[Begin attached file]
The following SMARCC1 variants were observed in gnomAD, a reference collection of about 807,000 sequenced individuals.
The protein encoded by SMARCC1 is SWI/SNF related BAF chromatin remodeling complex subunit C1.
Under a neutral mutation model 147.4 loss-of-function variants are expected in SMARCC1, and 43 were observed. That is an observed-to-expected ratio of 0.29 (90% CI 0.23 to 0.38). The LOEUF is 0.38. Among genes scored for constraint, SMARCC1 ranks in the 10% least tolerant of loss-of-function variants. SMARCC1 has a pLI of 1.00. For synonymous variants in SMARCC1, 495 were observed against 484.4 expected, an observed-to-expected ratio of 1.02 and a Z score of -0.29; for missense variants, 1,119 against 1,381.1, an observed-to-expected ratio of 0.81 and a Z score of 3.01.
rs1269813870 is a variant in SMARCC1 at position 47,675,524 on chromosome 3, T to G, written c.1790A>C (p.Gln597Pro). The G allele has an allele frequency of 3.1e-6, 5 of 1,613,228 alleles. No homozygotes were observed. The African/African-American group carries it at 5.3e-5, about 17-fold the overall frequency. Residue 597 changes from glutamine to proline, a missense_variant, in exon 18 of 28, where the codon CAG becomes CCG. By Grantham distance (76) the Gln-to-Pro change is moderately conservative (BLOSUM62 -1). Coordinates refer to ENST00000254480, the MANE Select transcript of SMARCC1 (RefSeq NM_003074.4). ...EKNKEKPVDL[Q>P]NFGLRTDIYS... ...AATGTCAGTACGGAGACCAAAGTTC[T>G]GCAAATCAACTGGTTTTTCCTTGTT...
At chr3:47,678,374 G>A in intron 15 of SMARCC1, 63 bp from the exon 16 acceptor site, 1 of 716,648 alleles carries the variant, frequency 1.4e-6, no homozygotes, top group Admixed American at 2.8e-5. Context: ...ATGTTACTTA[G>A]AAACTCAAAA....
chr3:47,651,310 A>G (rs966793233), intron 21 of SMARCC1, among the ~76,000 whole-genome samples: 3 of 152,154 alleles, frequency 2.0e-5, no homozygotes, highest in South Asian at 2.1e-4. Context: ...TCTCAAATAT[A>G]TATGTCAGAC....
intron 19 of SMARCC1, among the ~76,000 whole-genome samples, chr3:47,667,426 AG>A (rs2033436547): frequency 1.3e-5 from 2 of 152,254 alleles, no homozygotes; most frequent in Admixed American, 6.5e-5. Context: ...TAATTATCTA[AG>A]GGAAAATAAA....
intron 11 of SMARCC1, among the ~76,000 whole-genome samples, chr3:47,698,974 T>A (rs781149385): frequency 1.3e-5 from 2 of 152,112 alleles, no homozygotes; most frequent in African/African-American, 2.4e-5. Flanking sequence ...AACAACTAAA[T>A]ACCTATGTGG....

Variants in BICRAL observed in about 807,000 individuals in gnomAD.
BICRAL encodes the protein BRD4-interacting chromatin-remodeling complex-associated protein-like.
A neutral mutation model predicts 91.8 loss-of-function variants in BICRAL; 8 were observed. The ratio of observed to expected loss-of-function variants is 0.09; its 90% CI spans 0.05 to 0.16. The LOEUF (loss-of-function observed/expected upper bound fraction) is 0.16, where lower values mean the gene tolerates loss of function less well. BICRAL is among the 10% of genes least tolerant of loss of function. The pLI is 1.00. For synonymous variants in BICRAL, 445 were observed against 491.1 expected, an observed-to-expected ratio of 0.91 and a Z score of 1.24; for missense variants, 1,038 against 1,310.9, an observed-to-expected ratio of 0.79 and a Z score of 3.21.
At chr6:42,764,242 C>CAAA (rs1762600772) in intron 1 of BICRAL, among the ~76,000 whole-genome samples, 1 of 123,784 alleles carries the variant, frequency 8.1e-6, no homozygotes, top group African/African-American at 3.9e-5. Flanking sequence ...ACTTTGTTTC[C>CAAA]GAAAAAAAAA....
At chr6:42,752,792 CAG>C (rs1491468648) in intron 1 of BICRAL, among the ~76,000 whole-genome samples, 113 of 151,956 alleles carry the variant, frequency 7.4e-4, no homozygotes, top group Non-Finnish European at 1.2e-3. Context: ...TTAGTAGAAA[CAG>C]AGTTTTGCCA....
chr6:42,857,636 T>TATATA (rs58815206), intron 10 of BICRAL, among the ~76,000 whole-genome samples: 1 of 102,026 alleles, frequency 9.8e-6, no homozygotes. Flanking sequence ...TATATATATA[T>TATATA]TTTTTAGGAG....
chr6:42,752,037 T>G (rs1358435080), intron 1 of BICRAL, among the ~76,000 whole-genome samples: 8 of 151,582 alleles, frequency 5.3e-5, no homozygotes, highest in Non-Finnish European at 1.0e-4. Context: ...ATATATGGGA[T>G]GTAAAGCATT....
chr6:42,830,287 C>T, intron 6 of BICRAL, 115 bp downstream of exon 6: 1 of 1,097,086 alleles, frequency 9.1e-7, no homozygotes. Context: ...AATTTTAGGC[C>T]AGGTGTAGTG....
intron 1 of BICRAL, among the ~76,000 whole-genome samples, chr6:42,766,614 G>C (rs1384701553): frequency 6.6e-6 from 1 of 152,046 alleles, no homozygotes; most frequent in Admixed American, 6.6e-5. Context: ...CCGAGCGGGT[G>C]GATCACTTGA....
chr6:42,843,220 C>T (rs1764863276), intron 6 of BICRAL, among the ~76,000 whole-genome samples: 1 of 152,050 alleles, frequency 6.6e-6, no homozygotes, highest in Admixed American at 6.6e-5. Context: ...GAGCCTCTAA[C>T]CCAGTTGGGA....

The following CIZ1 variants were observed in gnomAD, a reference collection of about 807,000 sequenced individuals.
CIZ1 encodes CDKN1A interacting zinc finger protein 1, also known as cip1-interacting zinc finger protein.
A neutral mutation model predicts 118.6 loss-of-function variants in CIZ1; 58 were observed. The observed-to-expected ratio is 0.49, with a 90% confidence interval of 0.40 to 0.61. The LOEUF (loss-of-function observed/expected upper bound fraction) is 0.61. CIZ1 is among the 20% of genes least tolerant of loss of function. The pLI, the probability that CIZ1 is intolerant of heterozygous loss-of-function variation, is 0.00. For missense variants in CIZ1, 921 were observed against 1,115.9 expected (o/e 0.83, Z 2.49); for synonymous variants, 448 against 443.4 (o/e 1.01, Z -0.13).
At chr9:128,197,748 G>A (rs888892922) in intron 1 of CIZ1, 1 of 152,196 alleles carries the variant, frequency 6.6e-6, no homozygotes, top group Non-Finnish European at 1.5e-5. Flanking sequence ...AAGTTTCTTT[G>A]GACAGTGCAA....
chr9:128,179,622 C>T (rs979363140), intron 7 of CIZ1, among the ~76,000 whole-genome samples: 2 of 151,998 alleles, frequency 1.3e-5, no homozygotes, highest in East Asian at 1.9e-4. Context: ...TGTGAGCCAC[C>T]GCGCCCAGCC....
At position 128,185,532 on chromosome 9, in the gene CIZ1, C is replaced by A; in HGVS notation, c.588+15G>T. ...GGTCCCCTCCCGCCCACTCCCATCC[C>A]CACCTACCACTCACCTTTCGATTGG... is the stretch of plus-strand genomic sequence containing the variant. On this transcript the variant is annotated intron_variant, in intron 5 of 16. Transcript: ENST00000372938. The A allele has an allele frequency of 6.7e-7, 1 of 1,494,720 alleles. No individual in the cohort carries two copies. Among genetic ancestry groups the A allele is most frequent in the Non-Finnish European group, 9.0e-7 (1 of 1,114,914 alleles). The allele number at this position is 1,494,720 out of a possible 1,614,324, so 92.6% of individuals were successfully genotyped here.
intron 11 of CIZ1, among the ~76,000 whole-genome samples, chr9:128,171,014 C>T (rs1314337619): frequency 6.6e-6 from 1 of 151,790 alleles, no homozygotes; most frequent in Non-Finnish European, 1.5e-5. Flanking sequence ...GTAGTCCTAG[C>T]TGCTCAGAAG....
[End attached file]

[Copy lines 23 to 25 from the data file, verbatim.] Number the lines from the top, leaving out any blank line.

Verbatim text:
chr9:128,179,622 C>T (rs979363140), intron 7 of CIZ1, among the ~76,000 whole-genome samples: 2 of 151,998 alleles, frequency 1.3e-5, no homozygotes, highest in East Asian at 1.9e-4. Context: ...TGTGAGCCAC[C>T]GCGCCCAGCC....
At position 128,185,532 on chromosome 9, in the gene CIZ1, C is replaced by A; in HGVS notation, c.588+15G>T. ...GGTCCCCTCCCGCCCACTCCCATCC[C>A]CACCTACCACTCACCTTTCGATTGG... is the stretch of plus-strand genomic sequence containing the variant. On this transcript the variant is annotated intron_variant, in intron 5 of 16. Transcript: ENST00000372938. The A allele has an allele frequency of 6.7e-7, 1 of 1,494,720 alleles. No individual in the cohort carries two copies. Among genetic ancestry groups the A allele is most frequent in the Non-Finnish European group, 9.0e-7 (1 of 1,114,914 alleles). The allele number at this position is 1,494,720 out of a possible 1,614,324, so 92.6% of individuals were successfully genotyped here.
intron 11 of CIZ1, among the ~76,000 whole-genome samples, chr9:128,171,014 C>T (rs1314337619): frequency 6.6e-6 from 1 of 151,790 alleles, no homozygotes; most frequent in Non-Finnish European, 1.5e-5. Flanking sequence ...GTAGTCCTAG[C>T]TGCTCAGAAG....